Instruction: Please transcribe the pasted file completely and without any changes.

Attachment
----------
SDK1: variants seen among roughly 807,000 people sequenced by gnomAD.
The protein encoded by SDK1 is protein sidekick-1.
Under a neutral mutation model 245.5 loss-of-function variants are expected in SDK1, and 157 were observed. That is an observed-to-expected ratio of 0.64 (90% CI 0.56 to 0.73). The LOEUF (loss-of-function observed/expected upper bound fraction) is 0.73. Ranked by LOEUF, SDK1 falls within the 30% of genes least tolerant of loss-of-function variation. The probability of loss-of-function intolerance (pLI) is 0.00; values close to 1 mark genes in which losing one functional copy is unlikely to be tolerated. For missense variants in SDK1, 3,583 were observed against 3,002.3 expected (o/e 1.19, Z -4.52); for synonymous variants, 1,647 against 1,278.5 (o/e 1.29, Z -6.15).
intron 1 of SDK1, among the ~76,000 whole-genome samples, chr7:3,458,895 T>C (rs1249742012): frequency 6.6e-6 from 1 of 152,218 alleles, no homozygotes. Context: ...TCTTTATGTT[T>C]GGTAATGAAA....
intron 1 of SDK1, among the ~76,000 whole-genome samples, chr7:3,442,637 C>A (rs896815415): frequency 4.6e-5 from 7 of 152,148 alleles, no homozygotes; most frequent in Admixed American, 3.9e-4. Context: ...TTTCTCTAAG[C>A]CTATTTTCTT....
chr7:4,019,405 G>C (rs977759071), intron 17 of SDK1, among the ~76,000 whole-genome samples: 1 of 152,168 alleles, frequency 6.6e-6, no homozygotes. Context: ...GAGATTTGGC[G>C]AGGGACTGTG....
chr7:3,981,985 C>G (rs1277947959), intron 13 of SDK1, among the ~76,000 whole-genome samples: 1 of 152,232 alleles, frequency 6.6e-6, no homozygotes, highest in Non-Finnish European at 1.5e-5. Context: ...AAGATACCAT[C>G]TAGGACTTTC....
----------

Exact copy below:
SDK1: variants seen among roughly 807,000 people sequenced by gnomAD.
The protein encoded by SDK1 is protein sidekick-1.
Under a neutral mutation model 245.5 loss-of-function variants are expected in SDK1, and 157 were observed. That is an observed-to-expected ratio of 0.64 (90% CI 0.56 to 0.73). The LOEUF (loss-of-function observed/expected upper bound fraction) is 0.73. Ranked by LOEUF, SDK1 falls within the 30% of genes least tolerant of loss-of-function variation. The probability of loss-of-function intolerance (pLI) is 0.00; values close to 1 mark genes in which losing one functional copy is unlikely to be tolerated. For missense variants in SDK1, 3,583 were observed against 3,002.3 expected (o/e 1.19, Z -4.52); for synonymous variants, 1,647 against 1,278.5 (o/e 1.29, Z -6.15).
intron 1 of SDK1, among the ~76,000 whole-genome samples, chr7:3,458,895 T>C (rs1249742012): frequency 6.6e-6 from 1 of 152,218 alleles, no homozygotes. Context: ...TCTTTATGTT[T>C]GGTAATGAAA....
intron 1 of SDK1, among the ~76,000 whole-genome samples, chr7:3,442,637 C>A (rs896815415): frequency 4.6e-5 from 7 of 152,148 alleles, no homozygotes; most frequent in Admixed American, 3.9e-4. Context: ...TTTCTCTAAG[C>A]CTATTTTCTT....
chr7:4,019,405 G>C (rs977759071), intron 17 of SDK1, among the ~76,000 whole-genome samples: 1 of 152,168 alleles, frequency 6.6e-6, no homozygotes. Context: ...GAGATTTGGC[G>C]AGGGACTGTG....
chr7:3,981,985 C>G (rs1277947959), intron 13 of SDK1, among the ~76,000 whole-genome samples: 1 of 152,232 alleles, frequency 6.6e-6, no homozygotes, highest in Non-Finnish European at 1.5e-5. Context: ...AAGATACCAT[C>G]TAGGACTTTC....